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My bicycle by an old shed or something. A building permit was present so I assume they’ll be building something here.

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Another shot of the bike

I turned on to 45 to head home. It was getting dark so I turned on my front light — I had my rear blinking light on this whole time. A couple of cars honked but I didn’t care. I got to see a little more sunset but then the moon became visible and it was nearly full, with the wind blowing clouds across it. The clouds dispersed the moonlight, giving it an eerie glow. This has to be the best sub-1-hour ride I’ve done. Sometimes I wonder if rides that short are even worthwhile; this is proof that sometimes, they are.

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My streets

Wednesday, October 24th, 2007

My commutes the past few days have been cold, rainy, and dark — and wonderful. Let me tell you why.

I wake up and begrudgingly get out of bed, stretching and peering out from behind the curtain to see what kind of day awaits me. Each day is a bit darker than the one before due to overcast skies and as a result of the days growing shorter. The parking lot glistens with rainwater as I look out on another dreary day and water flows through the gutters to drain below, dripping audibly. I shower and get dressed, gather my things for work, turn on the front and rear lights on bicycle  and set out for work.

I begin to feel more alert and awake as I pedal. Even though it’s raining, I stay mostly dry thanks to my water-resistant jacket and pants. My face gets wet, but it’s cool and refreshing. I watch the world awaken around me and the leaves seem more colorful as my eyes finally start to focus properly . I cross the railroad tracks and turn onto the bike path, on my way seeing the old man, with his wide-brimmed hat and his dog. They walk through here frequently and I always watch for them.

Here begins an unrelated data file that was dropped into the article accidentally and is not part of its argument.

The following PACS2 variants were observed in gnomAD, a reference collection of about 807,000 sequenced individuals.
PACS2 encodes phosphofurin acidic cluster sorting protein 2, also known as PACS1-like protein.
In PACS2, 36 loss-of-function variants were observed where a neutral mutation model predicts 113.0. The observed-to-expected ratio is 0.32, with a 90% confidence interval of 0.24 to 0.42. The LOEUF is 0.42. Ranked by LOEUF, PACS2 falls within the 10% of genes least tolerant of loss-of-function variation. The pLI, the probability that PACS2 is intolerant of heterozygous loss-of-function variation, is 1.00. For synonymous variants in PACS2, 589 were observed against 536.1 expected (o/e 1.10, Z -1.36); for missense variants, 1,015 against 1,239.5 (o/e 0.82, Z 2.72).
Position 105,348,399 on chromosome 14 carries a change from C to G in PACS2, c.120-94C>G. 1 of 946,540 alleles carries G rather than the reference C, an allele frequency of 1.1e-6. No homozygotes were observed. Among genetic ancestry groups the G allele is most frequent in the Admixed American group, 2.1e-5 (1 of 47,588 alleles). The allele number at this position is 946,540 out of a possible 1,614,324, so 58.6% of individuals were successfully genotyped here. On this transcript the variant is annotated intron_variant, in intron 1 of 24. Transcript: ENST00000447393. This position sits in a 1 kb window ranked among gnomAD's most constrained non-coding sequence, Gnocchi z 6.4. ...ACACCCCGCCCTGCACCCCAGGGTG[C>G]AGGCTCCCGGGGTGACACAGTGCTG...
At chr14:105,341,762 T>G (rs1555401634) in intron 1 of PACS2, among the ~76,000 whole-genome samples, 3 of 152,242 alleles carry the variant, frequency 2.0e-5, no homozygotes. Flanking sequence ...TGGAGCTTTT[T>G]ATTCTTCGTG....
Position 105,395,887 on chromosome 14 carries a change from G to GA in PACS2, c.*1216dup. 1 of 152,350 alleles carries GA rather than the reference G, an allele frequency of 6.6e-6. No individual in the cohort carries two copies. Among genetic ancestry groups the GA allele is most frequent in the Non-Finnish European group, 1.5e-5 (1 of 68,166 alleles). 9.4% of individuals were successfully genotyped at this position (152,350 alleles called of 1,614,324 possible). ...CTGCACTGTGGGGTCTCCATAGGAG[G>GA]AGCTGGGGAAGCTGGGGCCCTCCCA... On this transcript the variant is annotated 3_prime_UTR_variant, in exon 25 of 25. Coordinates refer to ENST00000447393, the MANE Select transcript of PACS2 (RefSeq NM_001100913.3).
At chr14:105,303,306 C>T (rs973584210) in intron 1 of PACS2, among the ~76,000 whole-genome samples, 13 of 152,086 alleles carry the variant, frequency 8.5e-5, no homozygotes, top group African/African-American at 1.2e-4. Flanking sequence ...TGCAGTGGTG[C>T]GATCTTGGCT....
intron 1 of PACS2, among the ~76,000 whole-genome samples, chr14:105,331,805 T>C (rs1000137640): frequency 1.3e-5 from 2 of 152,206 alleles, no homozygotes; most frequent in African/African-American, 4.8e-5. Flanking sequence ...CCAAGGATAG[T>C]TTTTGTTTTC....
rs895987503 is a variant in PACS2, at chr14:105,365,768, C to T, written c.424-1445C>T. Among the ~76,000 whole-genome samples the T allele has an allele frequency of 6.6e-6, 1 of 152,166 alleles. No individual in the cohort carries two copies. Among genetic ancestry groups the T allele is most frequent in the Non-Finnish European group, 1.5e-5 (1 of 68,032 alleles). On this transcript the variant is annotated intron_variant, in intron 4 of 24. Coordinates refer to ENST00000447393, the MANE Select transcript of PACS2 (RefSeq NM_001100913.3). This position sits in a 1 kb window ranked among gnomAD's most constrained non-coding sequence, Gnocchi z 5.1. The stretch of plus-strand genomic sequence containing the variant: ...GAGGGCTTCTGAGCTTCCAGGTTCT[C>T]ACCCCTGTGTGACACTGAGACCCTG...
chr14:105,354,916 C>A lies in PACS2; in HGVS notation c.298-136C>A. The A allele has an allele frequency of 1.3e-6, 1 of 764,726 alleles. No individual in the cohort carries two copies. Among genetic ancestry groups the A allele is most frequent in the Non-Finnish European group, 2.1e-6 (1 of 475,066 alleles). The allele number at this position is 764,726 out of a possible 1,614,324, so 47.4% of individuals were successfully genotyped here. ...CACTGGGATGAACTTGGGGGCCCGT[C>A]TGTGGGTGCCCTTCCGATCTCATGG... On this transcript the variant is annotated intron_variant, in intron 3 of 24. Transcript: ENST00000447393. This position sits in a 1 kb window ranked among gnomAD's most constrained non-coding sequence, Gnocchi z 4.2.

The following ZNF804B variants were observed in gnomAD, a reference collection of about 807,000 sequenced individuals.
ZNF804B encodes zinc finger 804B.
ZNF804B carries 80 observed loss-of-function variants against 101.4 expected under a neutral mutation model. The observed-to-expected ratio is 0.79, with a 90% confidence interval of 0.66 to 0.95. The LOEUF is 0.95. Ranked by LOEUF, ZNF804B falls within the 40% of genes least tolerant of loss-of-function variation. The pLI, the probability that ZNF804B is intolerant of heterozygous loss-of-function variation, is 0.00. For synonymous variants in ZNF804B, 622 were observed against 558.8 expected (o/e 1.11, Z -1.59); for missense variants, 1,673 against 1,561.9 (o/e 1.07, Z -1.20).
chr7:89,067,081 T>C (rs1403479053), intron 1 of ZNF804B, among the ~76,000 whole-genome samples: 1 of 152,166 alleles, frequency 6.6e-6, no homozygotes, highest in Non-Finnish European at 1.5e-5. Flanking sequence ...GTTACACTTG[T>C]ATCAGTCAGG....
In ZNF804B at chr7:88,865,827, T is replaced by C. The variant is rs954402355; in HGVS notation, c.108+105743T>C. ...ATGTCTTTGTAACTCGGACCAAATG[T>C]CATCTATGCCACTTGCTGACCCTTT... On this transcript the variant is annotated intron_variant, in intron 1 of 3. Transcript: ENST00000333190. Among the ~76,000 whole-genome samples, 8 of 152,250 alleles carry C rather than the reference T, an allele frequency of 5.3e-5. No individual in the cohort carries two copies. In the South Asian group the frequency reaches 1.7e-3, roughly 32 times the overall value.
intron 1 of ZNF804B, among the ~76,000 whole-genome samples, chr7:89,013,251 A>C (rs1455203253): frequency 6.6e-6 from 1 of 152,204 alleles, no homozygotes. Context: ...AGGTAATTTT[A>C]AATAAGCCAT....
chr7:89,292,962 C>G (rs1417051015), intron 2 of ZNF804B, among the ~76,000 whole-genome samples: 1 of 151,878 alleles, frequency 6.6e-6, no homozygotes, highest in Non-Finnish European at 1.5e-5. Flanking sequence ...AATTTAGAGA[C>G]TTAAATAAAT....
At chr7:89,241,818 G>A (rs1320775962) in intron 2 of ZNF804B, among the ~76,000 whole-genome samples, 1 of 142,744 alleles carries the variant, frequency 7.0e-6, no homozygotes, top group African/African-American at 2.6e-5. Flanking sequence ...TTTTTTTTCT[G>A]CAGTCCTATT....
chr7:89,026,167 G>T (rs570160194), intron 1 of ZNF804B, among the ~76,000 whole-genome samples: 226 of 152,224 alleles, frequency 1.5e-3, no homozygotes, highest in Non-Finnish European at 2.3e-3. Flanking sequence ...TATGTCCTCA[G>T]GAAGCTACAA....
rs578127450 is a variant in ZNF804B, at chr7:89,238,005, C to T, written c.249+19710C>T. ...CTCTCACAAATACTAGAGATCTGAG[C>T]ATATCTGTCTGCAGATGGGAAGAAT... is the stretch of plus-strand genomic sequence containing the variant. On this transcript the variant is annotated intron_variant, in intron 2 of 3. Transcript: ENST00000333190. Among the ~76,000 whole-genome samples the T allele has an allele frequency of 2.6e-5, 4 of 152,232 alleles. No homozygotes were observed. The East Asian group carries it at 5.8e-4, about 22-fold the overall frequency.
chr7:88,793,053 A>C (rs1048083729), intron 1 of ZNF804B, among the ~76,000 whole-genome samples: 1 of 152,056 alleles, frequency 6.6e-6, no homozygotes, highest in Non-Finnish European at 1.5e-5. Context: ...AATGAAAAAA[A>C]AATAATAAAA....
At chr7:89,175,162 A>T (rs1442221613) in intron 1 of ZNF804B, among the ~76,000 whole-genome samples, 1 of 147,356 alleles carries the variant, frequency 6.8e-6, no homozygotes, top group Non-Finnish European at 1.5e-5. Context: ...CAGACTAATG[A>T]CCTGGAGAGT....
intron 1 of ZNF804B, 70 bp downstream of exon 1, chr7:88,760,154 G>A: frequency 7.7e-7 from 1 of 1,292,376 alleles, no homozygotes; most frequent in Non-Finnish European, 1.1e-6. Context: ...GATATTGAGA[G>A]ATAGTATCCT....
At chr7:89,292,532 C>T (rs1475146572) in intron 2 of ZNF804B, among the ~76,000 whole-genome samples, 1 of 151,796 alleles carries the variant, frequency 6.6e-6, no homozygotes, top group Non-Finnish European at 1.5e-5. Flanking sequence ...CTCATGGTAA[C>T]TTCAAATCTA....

The path is usually vacant and I’m protected by trees creating a tunnel in which I ride. I am surrounded by leaves, some brilliant and some already dead and dull, both above me and on the path below. I ride cautiously since wet leaves can be hazardous, but I take advantage of this time to smell the fallen leaves and the moist earth. I have this path to myself and even though I pass between apartment buildings and railroad tracks, it feels like I’m riding on a path through the woods. There’s an especially intimate feeling riding through here on a dark rainy day when many people worry about getting wet on the way to their car. I embrace this chance to connect with the world on my way to work.

Soon, I come to the end of the path and ride on the road once again. I cross a busy street and then ride on some residential streets. I may see a few cars and another bicycle or two, but by and large these are my streets. I haven’t seen the old couple on their daily walks for a while but I have been riding later than usual. I am sure they’re still walking.

I come to campus and ride through carefully. This is the most populous part of my ride, but motor vehicle traffic is light; it’s mostly pedestrians and bicycles. I pass through a nicely-landscaped path and go by the fountain and see several buildings with contrasting architecture from a bit gothic to more contemporary, somehow sharing the same space harmoniously. Pedestrians walk every which way without paying any attention to what they’re doing, but I have a finger on the pulse of their movements and anticipate them, choosing a straight line through the crowd despite their irregular, dynamic traffic patterns.

For most people, campus is their destination so as I continue past it I am on largely-deserted streets. I climb a long but gradual incline and stop at the stoplight, one of two along my commute route. It turns green but I take my time, knowing that if I hurry to the next light I’ll just have to stop. Instead, pedal at a leisurely pace to the next light and it changes as I arrive. I go down a hill, darting past a left-turning car, and turn toward my workplace.

I enter the building, getting strange looks from some as I walk past with my helmet. My clothes are wet, but I feel quite dry and comfortable. Clearly they think it’s dumb to ride to work in this weather. I can’t help but agree — it seems completely silly. I shouldn’t have ridden to work, I should have ridden to the edge of town and continued past it, ambling through the countryside and seeing more of what the world has to offer.